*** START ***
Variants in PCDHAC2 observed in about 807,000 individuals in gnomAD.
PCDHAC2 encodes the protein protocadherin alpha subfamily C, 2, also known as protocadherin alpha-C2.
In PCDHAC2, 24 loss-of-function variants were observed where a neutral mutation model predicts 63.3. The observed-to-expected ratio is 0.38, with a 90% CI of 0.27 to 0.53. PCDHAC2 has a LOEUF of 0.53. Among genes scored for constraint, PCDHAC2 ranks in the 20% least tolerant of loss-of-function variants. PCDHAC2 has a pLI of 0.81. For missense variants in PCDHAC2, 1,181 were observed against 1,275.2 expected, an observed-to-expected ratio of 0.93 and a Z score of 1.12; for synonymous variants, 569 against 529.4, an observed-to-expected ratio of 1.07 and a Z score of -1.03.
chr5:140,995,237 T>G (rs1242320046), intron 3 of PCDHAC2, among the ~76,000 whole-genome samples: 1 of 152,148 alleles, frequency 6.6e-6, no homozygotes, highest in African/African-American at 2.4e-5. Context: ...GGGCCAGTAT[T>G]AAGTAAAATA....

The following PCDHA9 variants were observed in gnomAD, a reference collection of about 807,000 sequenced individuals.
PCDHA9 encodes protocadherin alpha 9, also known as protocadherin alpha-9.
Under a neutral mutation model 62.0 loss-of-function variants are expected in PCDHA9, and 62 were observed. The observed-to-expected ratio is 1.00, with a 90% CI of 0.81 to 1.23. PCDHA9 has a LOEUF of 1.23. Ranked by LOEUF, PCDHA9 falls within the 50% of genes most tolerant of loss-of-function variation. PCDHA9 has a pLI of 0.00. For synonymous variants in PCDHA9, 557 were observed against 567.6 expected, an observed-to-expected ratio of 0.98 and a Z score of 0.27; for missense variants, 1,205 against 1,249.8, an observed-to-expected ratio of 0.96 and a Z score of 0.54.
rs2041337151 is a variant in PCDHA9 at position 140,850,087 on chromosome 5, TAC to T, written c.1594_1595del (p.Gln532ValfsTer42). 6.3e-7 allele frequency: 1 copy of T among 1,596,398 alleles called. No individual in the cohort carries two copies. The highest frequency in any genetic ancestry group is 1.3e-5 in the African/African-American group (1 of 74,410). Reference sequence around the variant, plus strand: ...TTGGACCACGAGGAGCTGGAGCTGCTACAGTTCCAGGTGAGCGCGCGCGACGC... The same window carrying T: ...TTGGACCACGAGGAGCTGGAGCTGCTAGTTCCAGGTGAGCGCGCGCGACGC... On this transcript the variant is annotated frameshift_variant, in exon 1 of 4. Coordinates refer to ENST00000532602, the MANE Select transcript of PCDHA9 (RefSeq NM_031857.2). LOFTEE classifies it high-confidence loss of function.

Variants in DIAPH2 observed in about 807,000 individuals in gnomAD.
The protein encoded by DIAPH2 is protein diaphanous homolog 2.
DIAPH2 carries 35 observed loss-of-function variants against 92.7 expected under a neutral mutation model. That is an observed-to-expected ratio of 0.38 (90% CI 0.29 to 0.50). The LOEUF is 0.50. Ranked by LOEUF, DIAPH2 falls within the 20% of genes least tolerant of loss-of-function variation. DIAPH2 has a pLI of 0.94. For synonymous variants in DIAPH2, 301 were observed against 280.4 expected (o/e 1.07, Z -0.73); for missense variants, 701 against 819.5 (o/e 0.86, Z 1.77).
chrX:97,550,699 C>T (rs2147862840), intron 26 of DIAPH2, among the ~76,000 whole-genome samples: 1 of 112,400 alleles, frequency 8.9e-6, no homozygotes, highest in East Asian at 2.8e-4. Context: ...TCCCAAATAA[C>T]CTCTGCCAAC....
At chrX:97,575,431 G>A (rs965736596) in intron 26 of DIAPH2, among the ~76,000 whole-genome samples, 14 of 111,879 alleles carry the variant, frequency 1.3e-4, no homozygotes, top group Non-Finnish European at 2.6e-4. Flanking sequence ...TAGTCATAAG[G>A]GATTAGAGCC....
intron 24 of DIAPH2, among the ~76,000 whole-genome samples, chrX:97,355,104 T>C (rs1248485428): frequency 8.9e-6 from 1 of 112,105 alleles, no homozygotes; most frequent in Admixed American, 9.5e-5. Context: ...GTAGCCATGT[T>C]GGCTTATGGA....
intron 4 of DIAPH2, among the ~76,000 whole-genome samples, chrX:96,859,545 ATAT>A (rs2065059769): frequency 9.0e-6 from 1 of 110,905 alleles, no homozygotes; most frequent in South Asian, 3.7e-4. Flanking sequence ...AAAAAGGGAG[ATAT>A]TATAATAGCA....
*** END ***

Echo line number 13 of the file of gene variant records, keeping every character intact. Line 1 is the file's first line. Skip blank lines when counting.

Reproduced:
At chrX:97,575,431 G>A (rs965736596) in intron 26 of DIAPH2, among the ~76,000 whole-genome samples, 14 of 111,879 alleles carry the variant, frequency 1.3e-4, no homozygotes, top group Non-Finnish European at 2.6e-4. Flanking sequence ...TAGTCATAAG[G>A]GATTAGAGCC....